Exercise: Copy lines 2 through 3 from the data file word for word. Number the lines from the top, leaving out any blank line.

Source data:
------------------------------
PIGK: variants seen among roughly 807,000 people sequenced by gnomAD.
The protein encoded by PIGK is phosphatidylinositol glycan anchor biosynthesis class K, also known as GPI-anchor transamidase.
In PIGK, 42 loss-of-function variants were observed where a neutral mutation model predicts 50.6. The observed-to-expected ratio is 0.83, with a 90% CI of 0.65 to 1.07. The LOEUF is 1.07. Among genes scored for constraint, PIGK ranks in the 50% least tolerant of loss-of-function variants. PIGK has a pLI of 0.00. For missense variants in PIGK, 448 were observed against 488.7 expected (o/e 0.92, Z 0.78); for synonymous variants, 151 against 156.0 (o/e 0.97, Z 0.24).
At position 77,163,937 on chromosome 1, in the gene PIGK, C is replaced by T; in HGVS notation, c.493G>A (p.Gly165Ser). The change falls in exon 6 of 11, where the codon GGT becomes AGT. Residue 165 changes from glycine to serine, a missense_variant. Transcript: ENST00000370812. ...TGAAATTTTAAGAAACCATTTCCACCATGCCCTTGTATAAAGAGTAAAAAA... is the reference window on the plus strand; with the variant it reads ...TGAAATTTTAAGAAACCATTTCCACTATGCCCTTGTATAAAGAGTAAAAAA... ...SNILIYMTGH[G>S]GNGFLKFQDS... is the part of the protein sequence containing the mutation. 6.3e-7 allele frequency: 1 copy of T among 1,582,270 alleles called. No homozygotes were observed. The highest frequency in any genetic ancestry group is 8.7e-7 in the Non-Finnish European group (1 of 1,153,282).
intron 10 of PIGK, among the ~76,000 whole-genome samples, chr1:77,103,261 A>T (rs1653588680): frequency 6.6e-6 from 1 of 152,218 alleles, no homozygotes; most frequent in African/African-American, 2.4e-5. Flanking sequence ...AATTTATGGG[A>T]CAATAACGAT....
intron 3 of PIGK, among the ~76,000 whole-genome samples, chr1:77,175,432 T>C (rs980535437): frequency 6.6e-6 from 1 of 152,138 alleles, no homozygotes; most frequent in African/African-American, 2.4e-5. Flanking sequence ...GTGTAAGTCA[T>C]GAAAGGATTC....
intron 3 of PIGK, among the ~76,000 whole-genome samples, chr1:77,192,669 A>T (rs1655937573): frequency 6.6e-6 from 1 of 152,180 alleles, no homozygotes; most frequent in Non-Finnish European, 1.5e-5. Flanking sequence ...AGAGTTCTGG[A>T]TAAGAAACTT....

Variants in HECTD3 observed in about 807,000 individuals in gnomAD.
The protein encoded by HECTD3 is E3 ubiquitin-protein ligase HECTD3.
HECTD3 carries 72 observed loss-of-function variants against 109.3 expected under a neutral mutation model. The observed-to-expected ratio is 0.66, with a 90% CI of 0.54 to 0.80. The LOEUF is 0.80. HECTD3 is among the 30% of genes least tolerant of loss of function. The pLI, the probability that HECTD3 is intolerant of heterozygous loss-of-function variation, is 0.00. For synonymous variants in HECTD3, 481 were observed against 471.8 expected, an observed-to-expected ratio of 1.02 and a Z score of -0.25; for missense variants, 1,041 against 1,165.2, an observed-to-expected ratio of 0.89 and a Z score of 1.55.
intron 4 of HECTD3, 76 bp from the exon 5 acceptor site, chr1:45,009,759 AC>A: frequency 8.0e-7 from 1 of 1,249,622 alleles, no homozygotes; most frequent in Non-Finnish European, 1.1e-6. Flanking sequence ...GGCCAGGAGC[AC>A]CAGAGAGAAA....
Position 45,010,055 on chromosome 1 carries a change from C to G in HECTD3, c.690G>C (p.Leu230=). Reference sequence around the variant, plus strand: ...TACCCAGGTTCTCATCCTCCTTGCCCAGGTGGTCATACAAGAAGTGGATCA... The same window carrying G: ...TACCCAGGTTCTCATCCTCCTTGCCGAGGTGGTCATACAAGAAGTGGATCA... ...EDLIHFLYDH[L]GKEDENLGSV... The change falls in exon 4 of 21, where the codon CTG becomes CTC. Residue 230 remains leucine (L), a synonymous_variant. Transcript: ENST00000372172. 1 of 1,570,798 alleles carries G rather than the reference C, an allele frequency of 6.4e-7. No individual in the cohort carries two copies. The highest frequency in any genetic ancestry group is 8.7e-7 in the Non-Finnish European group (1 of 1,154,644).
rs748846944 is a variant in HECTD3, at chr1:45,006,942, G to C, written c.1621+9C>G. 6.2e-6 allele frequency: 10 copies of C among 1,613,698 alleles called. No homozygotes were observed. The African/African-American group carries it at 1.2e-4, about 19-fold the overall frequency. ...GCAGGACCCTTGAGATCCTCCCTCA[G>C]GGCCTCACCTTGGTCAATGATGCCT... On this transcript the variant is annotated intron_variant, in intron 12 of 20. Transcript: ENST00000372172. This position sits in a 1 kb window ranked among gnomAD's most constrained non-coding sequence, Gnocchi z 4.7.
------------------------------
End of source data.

The protein encoded by PIGK is phosphatidylinositol glycan anchor biosynthesis class K, also known as GPI-anchor transamidase.
In PIGK, 42 loss-of-function variants were observed where a neutral mutation model predicts 50.6. The observed-to-expected ratio is 0.83, with a 90% CI of 0.65 to 1.07. The LOEUF is 1.07. Among genes scored for constraint, PIGK ranks in the 50% least tolerant of loss-of-function variants. PIGK has a pLI of 0.00. For missense variants in PIGK, 448 were observed against 488.7 expected (o/e 0.92, Z 0.78); for synonymous variants, 151 against 156.0 (o/e 0.97, Z 0.24).